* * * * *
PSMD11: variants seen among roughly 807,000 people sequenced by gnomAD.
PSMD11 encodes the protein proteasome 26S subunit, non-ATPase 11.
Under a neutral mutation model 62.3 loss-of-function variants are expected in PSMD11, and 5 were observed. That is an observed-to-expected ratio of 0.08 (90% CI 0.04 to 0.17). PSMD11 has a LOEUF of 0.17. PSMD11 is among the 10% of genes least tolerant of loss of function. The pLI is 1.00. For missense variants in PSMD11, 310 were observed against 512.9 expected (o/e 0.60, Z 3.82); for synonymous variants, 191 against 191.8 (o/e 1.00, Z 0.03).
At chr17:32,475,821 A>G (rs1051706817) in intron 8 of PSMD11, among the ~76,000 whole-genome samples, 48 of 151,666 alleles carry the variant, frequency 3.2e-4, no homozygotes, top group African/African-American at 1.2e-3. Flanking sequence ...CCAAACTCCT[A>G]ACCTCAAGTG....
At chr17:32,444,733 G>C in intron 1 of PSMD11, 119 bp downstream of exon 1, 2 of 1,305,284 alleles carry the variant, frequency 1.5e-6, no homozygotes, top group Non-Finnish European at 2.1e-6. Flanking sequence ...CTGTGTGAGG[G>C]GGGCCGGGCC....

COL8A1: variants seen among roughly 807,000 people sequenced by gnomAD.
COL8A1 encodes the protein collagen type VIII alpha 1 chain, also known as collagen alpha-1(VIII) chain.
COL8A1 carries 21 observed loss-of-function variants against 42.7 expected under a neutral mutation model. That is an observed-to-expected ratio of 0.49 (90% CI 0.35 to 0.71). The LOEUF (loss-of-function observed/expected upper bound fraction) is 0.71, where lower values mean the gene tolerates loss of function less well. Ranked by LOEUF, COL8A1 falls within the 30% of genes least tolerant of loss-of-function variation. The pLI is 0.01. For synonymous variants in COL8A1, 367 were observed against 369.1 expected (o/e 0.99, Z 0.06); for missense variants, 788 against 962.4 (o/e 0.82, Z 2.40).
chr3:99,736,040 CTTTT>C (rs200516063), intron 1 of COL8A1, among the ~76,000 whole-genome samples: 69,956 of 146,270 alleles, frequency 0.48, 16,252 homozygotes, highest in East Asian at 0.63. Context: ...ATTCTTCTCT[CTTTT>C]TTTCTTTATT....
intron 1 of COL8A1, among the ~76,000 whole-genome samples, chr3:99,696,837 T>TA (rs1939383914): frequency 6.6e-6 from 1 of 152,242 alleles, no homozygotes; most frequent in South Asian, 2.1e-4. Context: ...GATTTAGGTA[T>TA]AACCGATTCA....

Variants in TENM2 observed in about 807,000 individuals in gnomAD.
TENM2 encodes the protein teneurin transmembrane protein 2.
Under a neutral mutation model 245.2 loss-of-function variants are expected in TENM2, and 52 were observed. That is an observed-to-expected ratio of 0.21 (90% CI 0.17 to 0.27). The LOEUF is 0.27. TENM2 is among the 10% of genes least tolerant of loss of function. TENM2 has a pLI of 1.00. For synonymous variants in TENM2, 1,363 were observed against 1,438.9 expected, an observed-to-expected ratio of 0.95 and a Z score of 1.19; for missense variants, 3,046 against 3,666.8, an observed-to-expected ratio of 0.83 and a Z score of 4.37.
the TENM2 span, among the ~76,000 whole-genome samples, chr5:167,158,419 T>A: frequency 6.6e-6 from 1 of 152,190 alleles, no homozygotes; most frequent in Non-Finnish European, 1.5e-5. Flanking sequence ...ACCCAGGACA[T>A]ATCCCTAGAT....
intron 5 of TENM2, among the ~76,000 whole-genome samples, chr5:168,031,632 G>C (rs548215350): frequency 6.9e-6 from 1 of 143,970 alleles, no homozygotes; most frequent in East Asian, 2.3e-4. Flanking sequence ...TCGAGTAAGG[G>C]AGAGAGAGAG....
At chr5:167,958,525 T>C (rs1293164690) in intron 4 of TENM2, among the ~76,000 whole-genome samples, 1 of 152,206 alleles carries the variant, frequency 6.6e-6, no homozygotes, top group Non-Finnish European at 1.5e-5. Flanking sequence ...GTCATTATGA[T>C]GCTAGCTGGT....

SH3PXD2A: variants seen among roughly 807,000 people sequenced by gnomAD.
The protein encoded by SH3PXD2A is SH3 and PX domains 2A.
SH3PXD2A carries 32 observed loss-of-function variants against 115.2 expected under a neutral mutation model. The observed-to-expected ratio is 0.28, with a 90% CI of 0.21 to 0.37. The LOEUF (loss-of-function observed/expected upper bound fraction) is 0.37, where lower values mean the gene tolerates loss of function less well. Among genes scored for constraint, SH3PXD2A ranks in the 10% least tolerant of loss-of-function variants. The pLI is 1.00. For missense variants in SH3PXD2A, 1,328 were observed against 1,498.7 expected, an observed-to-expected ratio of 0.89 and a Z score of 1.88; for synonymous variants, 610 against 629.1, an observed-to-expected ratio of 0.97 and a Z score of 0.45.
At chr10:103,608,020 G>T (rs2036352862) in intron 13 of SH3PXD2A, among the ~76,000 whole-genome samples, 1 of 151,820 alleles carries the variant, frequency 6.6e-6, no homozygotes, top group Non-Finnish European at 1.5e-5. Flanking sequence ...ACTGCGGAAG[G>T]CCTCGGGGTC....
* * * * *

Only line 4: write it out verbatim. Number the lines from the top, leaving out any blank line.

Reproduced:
At chr17:32,475,821 A>G (rs1051706817) in intron 8 of PSMD11, among the ~76,000 whole-genome samples, 48 of 151,666 alleles carry the variant, frequency 3.2e-4, no homozygotes, top group African/African-American at 1.2e-3. Flanking sequence ...CCAAACTCCT[A>G]ACCTCAAGTG....